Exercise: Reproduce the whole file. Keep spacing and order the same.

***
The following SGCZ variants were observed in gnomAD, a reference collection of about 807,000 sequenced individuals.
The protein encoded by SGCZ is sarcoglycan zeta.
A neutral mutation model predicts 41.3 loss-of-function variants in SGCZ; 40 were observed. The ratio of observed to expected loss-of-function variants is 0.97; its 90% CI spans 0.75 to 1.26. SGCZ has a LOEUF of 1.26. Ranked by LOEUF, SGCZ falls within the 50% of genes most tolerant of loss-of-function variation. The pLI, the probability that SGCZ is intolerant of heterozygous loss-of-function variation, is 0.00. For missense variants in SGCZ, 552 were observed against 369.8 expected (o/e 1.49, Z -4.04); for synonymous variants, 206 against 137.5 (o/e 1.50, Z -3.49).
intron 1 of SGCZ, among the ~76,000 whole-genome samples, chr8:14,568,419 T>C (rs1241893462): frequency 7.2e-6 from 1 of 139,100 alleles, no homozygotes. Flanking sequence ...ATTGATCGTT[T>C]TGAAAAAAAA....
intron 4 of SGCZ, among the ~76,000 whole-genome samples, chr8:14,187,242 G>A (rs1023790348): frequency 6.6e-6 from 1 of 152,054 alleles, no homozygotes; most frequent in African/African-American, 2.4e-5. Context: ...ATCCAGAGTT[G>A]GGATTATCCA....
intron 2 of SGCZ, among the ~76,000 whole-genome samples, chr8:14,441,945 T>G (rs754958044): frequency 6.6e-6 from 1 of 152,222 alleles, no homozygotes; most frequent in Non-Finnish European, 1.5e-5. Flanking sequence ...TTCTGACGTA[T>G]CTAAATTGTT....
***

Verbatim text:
The following SGCZ variants were observed in gnomAD, a reference collection of about 807,000 sequenced individuals.
The protein encoded by SGCZ is sarcoglycan zeta.
A neutral mutation model predicts 41.3 loss-of-function variants in SGCZ; 40 were observed. The ratio of observed to expected loss-of-function variants is 0.97; its 90% CI spans 0.75 to 1.26. SGCZ has a LOEUF of 1.26. Ranked by LOEUF, SGCZ falls within the 50% of genes most tolerant of loss-of-function variation. The pLI, the probability that SGCZ is intolerant of heterozygous loss-of-function variation, is 0.00. For missense variants in SGCZ, 552 were observed against 369.8 expected (o/e 1.49, Z -4.04); for synonymous variants, 206 against 137.5 (o/e 1.50, Z -3.49).
intron 1 of SGCZ, among the ~76,000 whole-genome samples, chr8:14,568,419 T>C (rs1241893462): frequency 7.2e-6 from 1 of 139,100 alleles, no homozygotes. Flanking sequence ...ATTGATCGTT[T>C]TGAAAAAAAA....
intron 4 of SGCZ, among the ~76,000 whole-genome samples, chr8:14,187,242 G>A (rs1023790348): frequency 6.6e-6 from 1 of 152,054 alleles, no homozygotes; most frequent in African/African-American, 2.4e-5. Context: ...ATCCAGAGTT[G>A]GGATTATCCA....
intron 2 of SGCZ, among the ~76,000 whole-genome samples, chr8:14,441,945 T>G (rs754958044): frequency 6.6e-6 from 1 of 152,222 alleles, no homozygotes; most frequent in Non-Finnish European, 1.5e-5. Flanking sequence ...TTCTGACGTA[T>G]CTAAATTGTT....